Until You Are Warm and Dead

Mitchell Gant

The universally fatal core temperature for the human body is unknown. 

In a series of barbaric experiments performed at the Nazi concentration camps of Dachau, doctors concluded that people generally perish at core temperatures of around 25°C. The lowest recorded temperature observed in a surviving adult was almost half that. Miraculous as that may be, it often takes far less. 

One of Europe’s worst weather events occurred in 1964 when three competitive walkers succumbed to hypothermia during an annual event. Temperatures averaged around 7°C. 

What we know about the science of freezing is that it is impossible to predict how it will happen – or when it will kill. For all the effort put into studying it, the cold has remained an enigma: indiscriminate in its effects, yet particularly merciless to both the unaware and the bold. 

It starts before the car even leaves my sight. Struggling with the zipper of my jacket, I remove my gloves to get a more precise grip. The frigid air bites into the exposed flesh, and in a few short seconds my fingers begin to numb. The freezing metal burns to touch. Already my body has started to instinctually contract the capillaries within my extremities, redirecting blood flow away from my skin and towards my core. Various cultures throughout history have developed natural responses to such a phenomenon, however I am not so experienced. I forget the sensation before I’ve even replaced my gloves.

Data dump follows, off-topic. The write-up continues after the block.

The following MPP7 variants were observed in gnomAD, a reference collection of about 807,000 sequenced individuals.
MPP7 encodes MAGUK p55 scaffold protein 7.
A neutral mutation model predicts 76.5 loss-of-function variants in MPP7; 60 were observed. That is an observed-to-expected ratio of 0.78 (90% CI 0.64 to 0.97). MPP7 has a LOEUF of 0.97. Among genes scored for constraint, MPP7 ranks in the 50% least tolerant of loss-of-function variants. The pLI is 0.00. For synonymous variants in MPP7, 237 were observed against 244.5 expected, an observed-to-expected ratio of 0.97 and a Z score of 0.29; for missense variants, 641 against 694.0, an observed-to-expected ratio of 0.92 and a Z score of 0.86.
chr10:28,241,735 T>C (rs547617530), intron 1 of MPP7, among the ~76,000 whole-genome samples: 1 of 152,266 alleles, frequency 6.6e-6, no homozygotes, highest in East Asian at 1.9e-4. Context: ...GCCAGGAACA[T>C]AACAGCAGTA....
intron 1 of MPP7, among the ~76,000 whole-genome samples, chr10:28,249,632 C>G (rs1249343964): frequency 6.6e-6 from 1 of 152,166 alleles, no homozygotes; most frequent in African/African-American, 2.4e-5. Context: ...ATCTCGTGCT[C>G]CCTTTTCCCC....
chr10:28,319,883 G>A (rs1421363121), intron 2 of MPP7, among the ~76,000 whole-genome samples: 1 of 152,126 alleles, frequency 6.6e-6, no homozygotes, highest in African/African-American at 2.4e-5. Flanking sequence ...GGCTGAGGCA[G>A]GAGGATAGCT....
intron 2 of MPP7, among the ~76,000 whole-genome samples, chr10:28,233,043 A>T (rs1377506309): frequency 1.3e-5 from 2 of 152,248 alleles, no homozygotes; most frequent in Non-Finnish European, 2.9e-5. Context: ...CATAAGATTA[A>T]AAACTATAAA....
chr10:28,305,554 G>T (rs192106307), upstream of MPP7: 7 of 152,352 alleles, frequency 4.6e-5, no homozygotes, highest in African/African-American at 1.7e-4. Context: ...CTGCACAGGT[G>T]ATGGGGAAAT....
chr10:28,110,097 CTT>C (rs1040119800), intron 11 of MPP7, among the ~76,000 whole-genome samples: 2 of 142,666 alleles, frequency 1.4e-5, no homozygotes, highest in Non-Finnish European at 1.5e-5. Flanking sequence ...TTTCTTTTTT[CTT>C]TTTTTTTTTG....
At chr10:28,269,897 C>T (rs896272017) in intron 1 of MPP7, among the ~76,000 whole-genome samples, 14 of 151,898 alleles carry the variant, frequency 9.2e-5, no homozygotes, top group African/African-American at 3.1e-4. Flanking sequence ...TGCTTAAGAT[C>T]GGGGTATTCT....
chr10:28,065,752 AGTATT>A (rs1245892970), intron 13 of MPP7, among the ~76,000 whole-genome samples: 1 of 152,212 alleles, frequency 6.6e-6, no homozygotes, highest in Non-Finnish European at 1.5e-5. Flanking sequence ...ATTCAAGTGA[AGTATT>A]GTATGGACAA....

It’s been ten minutes since I left my car smothered in the snow, and I’ve spent most of the time hunched over in a steep climb up the mountain road. My body temperature has risen significantly since exiting the vehicle. Sweat trickles slowly down my torso, soaking through my undershirt. Bent double, I tire of the constant switchbacks and instead decide to cut up through the forested mountainside. 

I tread slowly through deep snowfall, passing under naked branches that rattle like windchimes overhead. Tonight’s moon gently peaks over the jutting ridges before me, casting harsh shadows past the towering pines and bathing the ground in its silvery glow. A strong breeze creates a cacophony of noise above, punctuated by my regular, heaving breaths. 

My temperature reaches its peak: 38°C. 

I reach deep within my pocket, searching for the phone that I’ve been using as a watch. Fumbling through gloved fingers, it falls into the snow beneath me. 

The cold is not an actual thing in-and-of-itself, but rather an absence. Temperature is the measure of the kinetic energy within matter, or essentially how fast particles vibrate. However, this is not what makes you feel cold. Universally, thermal energy flows from substances of higher temperatures to ones of lower, leeching the heat from it in the process. The lowest natural temperature ever recorded on Earth was measured at a Soviet research station in Antarctica: -89.2°C. The average temperature of the universe is approximately -270°C. Absolute zero, the absence of energy, is -273°C.